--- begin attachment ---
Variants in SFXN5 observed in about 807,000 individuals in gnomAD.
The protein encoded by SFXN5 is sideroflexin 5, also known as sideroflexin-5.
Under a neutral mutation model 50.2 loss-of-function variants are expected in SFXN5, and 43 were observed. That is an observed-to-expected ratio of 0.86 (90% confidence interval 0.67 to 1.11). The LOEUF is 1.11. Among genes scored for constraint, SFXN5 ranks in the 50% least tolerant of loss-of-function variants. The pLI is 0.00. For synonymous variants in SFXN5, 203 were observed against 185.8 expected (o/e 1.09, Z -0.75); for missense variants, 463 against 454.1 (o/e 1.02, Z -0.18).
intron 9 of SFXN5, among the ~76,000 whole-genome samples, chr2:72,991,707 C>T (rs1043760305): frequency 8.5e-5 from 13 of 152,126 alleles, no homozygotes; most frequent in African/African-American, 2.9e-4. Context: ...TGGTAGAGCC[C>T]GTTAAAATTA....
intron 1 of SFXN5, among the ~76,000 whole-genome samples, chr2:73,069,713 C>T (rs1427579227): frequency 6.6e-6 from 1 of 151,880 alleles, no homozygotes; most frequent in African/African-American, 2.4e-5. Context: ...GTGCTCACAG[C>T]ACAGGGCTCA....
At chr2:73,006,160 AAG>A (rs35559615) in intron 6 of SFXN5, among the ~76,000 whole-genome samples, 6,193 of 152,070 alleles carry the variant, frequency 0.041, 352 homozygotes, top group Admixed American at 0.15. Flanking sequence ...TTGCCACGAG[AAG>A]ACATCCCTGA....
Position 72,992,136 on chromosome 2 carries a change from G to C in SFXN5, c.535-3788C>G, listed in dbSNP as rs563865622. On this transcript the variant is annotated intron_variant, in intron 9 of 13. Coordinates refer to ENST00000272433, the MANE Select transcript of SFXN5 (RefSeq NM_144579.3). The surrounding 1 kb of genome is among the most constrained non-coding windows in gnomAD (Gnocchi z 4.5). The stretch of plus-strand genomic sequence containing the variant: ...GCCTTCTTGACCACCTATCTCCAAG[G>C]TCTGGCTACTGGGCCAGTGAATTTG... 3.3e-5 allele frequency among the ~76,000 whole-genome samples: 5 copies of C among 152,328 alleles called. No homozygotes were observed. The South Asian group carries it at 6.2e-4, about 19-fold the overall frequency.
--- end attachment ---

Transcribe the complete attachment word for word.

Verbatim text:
Variants in SFXN5 observed in about 807,000 individuals in gnomAD.
The protein encoded by SFXN5 is sideroflexin 5, also known as sideroflexin-5.
Under a neutral mutation model 50.2 loss-of-function variants are expected in SFXN5, and 43 were observed. That is an observed-to-expected ratio of 0.86 (90% confidence interval 0.67 to 1.11). The LOEUF is 1.11. Among genes scored for constraint, SFXN5 ranks in the 50% least tolerant of loss-of-function variants. The pLI is 0.00. For synonymous variants in SFXN5, 203 were observed against 185.8 expected (o/e 1.09, Z -0.75); for missense variants, 463 against 454.1 (o/e 1.02, Z -0.18).
intron 9 of SFXN5, among the ~76,000 whole-genome samples, chr2:72,991,707 C>T (rs1043760305): frequency 8.5e-5 from 13 of 152,126 alleles, no homozygotes; most frequent in African/African-American, 2.9e-4. Context: ...TGGTAGAGCC[C>T]GTTAAAATTA....
intron 1 of SFXN5, among the ~76,000 whole-genome samples, chr2:73,069,713 C>T (rs1427579227): frequency 6.6e-6 from 1 of 151,880 alleles, no homozygotes; most frequent in African/African-American, 2.4e-5. Context: ...GTGCTCACAG[C>T]ACAGGGCTCA....
At chr2:73,006,160 AAG>A (rs35559615) in intron 6 of SFXN5, among the ~76,000 whole-genome samples, 6,193 of 152,070 alleles carry the variant, frequency 0.041, 352 homozygotes, top group Admixed American at 0.15. Flanking sequence ...TTGCCACGAG[AAG>A]ACATCCCTGA....
Position 72,992,136 on chromosome 2 carries a change from G to C in SFXN5, c.535-3788C>G, listed in dbSNP as rs563865622. On this transcript the variant is annotated intron_variant, in intron 9 of 13. Coordinates refer to ENST00000272433, the MANE Select transcript of SFXN5 (RefSeq NM_144579.3). The surrounding 1 kb of genome is among the most constrained non-coding windows in gnomAD (Gnocchi z 4.5). The stretch of plus-strand genomic sequence containing the variant: ...GCCTTCTTGACCACCTATCTCCAAG[G>C]TCTGGCTACTGGGCCAGTGAATTTG... 3.3e-5 allele frequency among the ~76,000 whole-genome samples: 5 copies of C among 152,328 alleles called. No homozygotes were observed. The South Asian group carries it at 6.2e-4, about 19-fold the overall frequency.